environment · Me · mental health · Nature · play · smell

A morning communion

deciduous azaleaEnrichment is…

Waking before dawn, and being called out by the morning birds to go participate in the celebration of dawn.

I lie in bed, awaken from being overheated under my down comforter. I had been cold and left the heat on last night, foolishly, for now I am up and alert, at 5:30 in the morning. I toss and turn a little, and lie on my back, hands resting on my chest and stomach, almost as if in meditation or prayer.

I don’t know how long I lie there, but soon enough the light outside changes from cold, harsh street lamps to a softer natural light. Suddenly I hear a bird announcing his presence in the tree above my bedroom. His song is joined by a second kind of beat, the first lolling, the other more short and chirpy. A third chimes in with his sing-songy notes. For whatever reason, I am moved to join them. Not in song, but a need to be witness to this ageless ritual of the morning, of virility, of male posturing, of spring.

It is spring; after a long rainy winter, it is finally starting to be spring. In the dark of my bedroom I feel for my grandfather’s work shirt and a pair of leggings. I find a pair of Converse waiting by the back door. Slowly, so as not to wake the dog or my husband I left behind both soundly asleep, I unlock the door, tie my shoes, and I am gone.

I could easily just stand out in my backyard, listening, still as a newly budding daffodil in this morning gray. But I must move. I must be a part of it. I want to deeply breathe in the cold wet air, to feel the morning on my hands and face. While it is a warmer morning than I’ve felt in awhile, the air is brisk with only one layer on, but walking keeps me just warm enough. I walk north past the church where last weekend the boy scouts had their gardening fundraiser, the yard now empty, abandoned in this pre-morning gray. There are no cars, no people. Just me and birds, and they are the only ones brave enough to break the silence.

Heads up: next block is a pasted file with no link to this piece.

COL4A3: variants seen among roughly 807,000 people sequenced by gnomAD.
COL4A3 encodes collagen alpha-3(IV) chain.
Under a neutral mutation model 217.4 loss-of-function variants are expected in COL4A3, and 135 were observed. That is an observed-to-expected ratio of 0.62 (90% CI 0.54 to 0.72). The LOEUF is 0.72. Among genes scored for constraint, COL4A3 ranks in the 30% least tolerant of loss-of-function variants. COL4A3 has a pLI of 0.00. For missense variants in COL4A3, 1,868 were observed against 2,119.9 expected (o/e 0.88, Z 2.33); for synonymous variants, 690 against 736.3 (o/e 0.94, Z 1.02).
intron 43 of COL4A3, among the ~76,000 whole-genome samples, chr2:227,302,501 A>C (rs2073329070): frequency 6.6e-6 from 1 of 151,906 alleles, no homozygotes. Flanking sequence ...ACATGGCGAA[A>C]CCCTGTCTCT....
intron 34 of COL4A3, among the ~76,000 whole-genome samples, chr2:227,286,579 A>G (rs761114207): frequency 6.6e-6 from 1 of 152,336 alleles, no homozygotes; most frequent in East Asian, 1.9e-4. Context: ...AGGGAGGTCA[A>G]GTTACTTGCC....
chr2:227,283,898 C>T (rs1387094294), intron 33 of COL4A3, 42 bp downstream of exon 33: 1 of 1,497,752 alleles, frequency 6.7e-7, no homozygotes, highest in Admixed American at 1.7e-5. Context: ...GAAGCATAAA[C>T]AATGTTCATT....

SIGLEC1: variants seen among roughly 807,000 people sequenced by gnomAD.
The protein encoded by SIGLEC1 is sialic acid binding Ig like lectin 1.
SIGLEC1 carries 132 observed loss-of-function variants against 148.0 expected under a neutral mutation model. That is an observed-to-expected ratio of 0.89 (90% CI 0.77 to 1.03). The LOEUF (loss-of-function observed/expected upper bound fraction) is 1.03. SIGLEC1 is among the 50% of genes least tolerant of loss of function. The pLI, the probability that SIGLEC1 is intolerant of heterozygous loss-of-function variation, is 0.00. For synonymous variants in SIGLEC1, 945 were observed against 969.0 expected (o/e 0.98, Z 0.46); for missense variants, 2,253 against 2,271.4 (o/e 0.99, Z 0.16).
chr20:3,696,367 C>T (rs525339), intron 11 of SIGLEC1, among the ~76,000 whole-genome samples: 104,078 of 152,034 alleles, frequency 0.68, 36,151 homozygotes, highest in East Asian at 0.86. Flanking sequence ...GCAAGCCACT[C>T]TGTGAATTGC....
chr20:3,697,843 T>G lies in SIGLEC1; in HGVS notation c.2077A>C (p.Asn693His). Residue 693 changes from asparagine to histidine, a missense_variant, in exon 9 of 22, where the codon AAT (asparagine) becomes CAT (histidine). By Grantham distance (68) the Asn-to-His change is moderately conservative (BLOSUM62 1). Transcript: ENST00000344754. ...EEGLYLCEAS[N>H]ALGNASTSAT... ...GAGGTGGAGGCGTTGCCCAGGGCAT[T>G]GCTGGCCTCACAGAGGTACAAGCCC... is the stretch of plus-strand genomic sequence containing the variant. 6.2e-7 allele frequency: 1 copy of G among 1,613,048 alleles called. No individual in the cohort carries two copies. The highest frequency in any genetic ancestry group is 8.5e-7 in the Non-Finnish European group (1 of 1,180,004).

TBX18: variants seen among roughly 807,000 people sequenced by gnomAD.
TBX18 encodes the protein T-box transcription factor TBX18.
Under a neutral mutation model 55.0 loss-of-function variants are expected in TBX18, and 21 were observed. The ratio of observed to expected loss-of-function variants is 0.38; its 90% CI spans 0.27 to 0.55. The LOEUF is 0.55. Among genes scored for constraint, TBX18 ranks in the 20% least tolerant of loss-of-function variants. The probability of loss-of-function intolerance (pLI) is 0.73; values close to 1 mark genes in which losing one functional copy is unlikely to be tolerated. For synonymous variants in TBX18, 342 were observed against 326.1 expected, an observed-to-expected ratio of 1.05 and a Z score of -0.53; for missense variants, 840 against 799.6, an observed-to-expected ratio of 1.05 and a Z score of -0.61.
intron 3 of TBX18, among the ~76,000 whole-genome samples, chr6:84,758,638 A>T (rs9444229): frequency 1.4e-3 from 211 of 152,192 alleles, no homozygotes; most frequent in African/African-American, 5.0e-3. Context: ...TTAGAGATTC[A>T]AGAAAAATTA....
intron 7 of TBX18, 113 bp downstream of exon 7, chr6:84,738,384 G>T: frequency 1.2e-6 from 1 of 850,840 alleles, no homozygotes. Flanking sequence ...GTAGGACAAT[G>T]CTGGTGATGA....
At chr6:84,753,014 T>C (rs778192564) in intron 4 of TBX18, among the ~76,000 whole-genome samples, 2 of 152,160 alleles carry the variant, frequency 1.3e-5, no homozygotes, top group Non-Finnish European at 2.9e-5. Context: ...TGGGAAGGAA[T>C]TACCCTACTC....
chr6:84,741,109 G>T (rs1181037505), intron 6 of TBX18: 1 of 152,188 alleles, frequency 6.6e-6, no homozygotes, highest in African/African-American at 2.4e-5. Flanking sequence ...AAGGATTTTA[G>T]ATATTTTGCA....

I see fat robins picking at things in the street; they must have better eyes than me to make out anything edible in this pre-dawn light, or maybe just being closer to the ground helps.

A pair of runners and their dog cross my path a block up, reminding me that I am not the only human alive. Gaining momentum before charging up a small hill, they do not see me, they are lost in their own morning meditation.

I pass under a series of pink blooming plum trees, and as I pass their fragrance fills my nostrils. It is glorious. I breathe in deeply, letting the fruity blossom smell reach all the way into the back of my throat. My pace is perfect so that I am able to perform a deep, yoga-like breath under each tree, taking the smell in, considering the slightly different fragrance each tree puts off. One is farther along in its blooming cycle, and the white flowers are less fruity than the pink ones, more subtle. As I walk under them the air temperature changes to just a few degrees warmer. It is a pleasant respite from the cool morning air.

The houses on the street are all darkened, except for the occasional porch light or living room lamp left on. They are still asleep. Wise souls. Foolish souls for missing the morning.

The street dead ends onto another cross street, and I turn, starting to make my rectangular route around the neighborhood. Each garden’s plants are in a different state of bloom, from sticks to buds to a few purple and pink azalea blooms already in full show. Some gardeners have already started their new beds this year, others haven’t touched them, or let them go to weed.

My study of the local architecture is distracted by another human; a homeless man with shaggy graying, sun-bleached hair, in baggy clothes and a plastic bag tied to his shirt is walking down the other side of the street, slowly but with a purpose. He ignores me as we walk towards each other on opposite sides of the street. As he passes from my peripheral view I wonder what he is doing out wandering around the neighborhood this time of morning, then realize he could just as easily think the same of me; what is this strange girl doing in just a large flannel work shirt and leggings doing wandering the neighborhood this time of morning?

I see another runner reach his front walkway as I make the final turn onto my street. The light is finally starting to turn yellow, streaming up under the clouds, lighting them with streaks of yellow and orange. The birds are now in full chorus. My hands are chilled, but I am filled with gratitude that I got to see this morning arrive. I lift my up my back gate and carefully swing it open so it won’t scrape the pavement, still trying to keep quiet.

I take a moment, standing on my back porch, letting the bird song and wet, cold morning air drift over me. I want to share this with my entire household. I want to share this moment of awakeness, aliveness, and sense of being a part of the world. But the secret to this moment’s success is that it is a solitary event, it is alone and quiet. Just me and the birds, the plum blossoms, the rhododendron bushes, and the cold wet air.

I go inside to get warm just as the sun splits the clouds open and it starts to rain.

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